Dividing Polynomials by Monomials and Binomials
Dividing a Polynomial by a Monomial
We know how to divide some simple polynomials by monomials. For example,
We use the distributive property to take onehalf of 6x and onehalf of 8 to
get 3x + 4. So both 6x and 8 are divided by 2. To divide any polynomial by a
monomial, we divide each term of the polynomial by the monomial.
Example 1
Dividing a polynomial by a monomial
Find the quotient for (8x^{6} + 12x^{4}  4x^{2})
Ã· (4x^{2}).
Solution
The quotient is 2x^{4} + 3x^{2}  1. We can check by
multiplying.
4x^{2}(2x^{4} + 3x^{2}  1) = 8x^{6} + 12x^{4}
 4x^{2}.
Because division by zero is undefined, we will always assume that the divisor
is nonzero in any quotient involving variables. For example, the division in
Example 1 is valid only if 4x^{2} ≠ 0, or
x2 ≠ 0.
Dividing a Polynomial by a Binomial
Division of whole numbers is often done with a procedure called long division.
For example, 253 is divided by 7 as folows:
Note that 36 Â· 7 + 1 = 253. It is always true that
(quotient)(divisor) + (remainder) = (dividend).
To divide a polynomial by a binomial, we perform the division like long
division of whole numbers. For example, to divide x^{2}  3x  10 by x +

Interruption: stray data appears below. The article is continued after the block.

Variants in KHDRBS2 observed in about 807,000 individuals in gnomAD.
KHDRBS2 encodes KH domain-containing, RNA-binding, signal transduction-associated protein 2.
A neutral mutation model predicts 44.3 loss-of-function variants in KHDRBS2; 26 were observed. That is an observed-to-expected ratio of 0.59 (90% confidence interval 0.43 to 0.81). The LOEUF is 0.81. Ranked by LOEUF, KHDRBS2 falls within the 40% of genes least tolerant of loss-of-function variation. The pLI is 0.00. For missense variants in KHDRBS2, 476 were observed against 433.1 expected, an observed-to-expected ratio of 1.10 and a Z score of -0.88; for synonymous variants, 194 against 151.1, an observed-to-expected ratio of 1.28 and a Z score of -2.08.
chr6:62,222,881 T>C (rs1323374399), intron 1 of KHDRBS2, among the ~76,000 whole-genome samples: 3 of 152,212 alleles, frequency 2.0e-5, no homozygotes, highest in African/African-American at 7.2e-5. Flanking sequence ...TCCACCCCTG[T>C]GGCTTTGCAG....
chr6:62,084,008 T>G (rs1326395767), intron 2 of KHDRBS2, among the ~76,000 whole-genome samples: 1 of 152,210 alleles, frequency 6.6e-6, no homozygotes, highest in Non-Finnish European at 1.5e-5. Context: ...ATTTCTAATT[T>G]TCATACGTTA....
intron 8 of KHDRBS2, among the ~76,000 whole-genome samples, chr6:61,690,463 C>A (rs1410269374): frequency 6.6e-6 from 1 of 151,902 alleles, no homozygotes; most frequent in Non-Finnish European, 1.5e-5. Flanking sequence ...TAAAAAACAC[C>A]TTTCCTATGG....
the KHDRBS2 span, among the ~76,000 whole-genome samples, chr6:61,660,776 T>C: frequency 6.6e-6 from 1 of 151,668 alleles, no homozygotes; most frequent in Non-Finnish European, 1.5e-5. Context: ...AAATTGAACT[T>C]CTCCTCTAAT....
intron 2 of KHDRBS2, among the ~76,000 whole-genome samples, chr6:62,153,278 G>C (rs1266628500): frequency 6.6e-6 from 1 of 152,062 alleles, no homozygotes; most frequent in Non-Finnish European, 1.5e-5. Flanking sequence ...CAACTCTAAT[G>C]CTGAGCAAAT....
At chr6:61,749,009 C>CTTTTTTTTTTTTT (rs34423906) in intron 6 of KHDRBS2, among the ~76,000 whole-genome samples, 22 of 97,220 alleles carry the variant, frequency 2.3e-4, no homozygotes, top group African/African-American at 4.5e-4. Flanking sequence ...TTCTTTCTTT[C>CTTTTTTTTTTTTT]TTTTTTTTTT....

2, we get the first term of the quotient by dividing the first term of x + 2
into the first term of x^{2}  3x  10. So divide x^{2} by x to
get x, then multiply and subtract as follows:
1) Divide: 2) Multiply:
3) Subtract: 

x^{2} Ã· x = x
x Â· (x + 2) = x^{2} + 2x
3x  2x = 5x 
Now bring down 10 and continue the process. We get the second term of the
quotient (below) by dividing the first term of x + 2 into the first term of 5x
 10. So divide 5x by x to get 5:
1) Divide: 2) Multiply:
3) Subtract: 

5x Ã· x = 5
Bring down 10.
5(x + 2) = 5x  10
10  (10) = 0 
So the quotient is x  5, and the remainder is 0.
In the next example we must rearrange the dividend before dividing.
Example 2
Dividing a polynomial by a binomial
Divide 2x^{3}  4  7x^{2} by 2x  3, and identify the
quotient and the remainder.
Solution
Rearrange the dividend as 2x^{3}  7x^{2}  4. because
the xterm in the dividend is missing, we write 0 Â· x for it:
The quotient is x^{2}  2x  3, and the remainder is 13. Note that
the degree of the remainder is 0 and the degree of the divisor is 1. To check,
we must verify that
(2x  3)(x^{2}  2x  3)  13 = 2x^{3}  7x^{2}
 4.
Caution
To avoid errors, always write the terms of the divisor and the dividend
in descending order of the exponents and insert a zero for any term that is
missing.
If we divide both sides of the equation
dividend = (quotient)(divisor) + (remainder)
by te divisor, we get the equation
This fact is used in expressing improper fractions as mixed numbers. For
example, if 19 is divided by 5, the quotient is 3 and the remainder is 4. So
We can also use this form to rewrite algebraic fractions.